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Rome is a big city spread over 19 districts but the historic center is relatively compact and most of the main sites are within walking distance of each other. If you don’t have mobility issues or aren’t traveling with small children, the best way to get around Rome is on foot. 

For example, the Spanish steps and the Trevi Fountain are just eight minutes apart while Piazza Navona and the Pantheon are less than a five-minute walk away from each other. You can also wander into Vatican City and explore the museum, Sistine Chapel, and St. Peter’s Basilica all at your own pace in less than a few hours. You might amount tens of thousands of steps, but you’ll see a lot more, and walking is the Roman way.

The historic center of Rome is likened to a very busy, open-air museum, especially in the middle of the day and during the peak tourism season. The Eternal City is one that never sleeps and walking around at night is also just as exciting. There are a number of free walking tours that you can join in Rome, but self-guided tours are more liberating and you’re bound to get lost, which is all part of the experience.

Losing your way down the gritty alleyways in Monti will lead to the best cultural discoveries and foodie finds. Hole-in-the-wall haunts are the places to go for cheap and authentic eats in Rome, and you won’t find them in the sign-posted piazzas.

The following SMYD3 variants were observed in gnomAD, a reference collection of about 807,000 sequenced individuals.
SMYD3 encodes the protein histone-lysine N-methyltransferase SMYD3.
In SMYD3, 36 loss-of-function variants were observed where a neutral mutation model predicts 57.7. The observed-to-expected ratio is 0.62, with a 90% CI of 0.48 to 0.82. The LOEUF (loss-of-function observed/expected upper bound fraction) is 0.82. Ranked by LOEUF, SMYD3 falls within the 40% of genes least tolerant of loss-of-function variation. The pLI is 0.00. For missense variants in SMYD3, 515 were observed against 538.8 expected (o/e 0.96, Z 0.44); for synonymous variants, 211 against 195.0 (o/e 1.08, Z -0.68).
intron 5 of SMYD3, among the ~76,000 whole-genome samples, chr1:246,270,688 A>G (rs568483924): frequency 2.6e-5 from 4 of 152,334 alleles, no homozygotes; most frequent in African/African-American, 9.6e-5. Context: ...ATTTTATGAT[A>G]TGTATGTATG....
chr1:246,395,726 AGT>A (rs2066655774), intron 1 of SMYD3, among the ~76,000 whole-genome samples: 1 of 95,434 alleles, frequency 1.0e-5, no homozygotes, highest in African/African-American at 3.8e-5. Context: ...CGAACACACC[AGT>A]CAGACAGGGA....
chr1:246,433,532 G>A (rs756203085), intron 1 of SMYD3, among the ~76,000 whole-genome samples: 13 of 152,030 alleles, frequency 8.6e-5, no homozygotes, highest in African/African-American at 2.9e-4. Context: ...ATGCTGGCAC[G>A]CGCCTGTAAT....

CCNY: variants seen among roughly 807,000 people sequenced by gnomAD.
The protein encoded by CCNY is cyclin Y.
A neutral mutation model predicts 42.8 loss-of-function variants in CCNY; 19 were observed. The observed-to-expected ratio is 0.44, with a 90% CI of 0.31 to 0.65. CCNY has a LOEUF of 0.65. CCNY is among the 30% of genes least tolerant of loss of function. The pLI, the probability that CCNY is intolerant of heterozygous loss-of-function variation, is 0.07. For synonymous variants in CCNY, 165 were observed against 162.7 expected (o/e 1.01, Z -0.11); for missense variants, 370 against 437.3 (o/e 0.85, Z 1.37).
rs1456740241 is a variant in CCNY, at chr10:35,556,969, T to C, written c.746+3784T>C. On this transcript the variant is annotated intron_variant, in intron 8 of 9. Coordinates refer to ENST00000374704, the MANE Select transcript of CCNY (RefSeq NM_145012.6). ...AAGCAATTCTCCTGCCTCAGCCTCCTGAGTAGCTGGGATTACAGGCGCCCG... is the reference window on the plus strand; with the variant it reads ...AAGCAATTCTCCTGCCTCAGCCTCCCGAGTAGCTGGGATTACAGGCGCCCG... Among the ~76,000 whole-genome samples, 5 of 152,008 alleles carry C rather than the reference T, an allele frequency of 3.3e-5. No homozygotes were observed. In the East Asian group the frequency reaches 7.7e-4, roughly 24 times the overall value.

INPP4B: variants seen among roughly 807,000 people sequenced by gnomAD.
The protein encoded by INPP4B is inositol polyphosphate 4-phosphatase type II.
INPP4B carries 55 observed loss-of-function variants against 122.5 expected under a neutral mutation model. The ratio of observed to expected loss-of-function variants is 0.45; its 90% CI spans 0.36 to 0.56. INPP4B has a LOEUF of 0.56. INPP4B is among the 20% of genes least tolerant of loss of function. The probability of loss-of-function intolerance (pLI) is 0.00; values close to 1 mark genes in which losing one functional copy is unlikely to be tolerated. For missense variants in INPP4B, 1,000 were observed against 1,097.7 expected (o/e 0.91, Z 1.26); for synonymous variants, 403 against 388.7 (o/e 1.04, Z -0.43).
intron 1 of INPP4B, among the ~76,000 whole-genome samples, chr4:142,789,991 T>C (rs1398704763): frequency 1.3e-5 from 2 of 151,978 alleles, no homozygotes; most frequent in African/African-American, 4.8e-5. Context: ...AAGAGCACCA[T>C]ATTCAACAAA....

If you’ve got one day in Rome, follow our route for the best stops on an ultimate self-guided walking tour:

  • Begin at the Colosseum on the edge of Monti in the historic center. The Colosseum is an emblem of Rome and an impressive feat of ancient architecture. Even if you don’t have time to join the queues, you can ogle the exterior. As you start your walk towards Piazza Venezia—which you can reach by walking straight along the outer edge of the complex due northwest—you’ll be able to look into the remnants of the Roman Forum too.
  • Piazza Venezia is 10-15 minutes on foot from the Colosseum, straight up Via dei Fori Imperiali. This is where you’ll find the Vittorio Emanuele II monument, known affectionately by Romans as “the wedding cake”. The white marble structure was built to commemorate the unification of Italy and is a central hub of Rome, with busy thoroughfares intersecting and noisy Vespas whizzing past.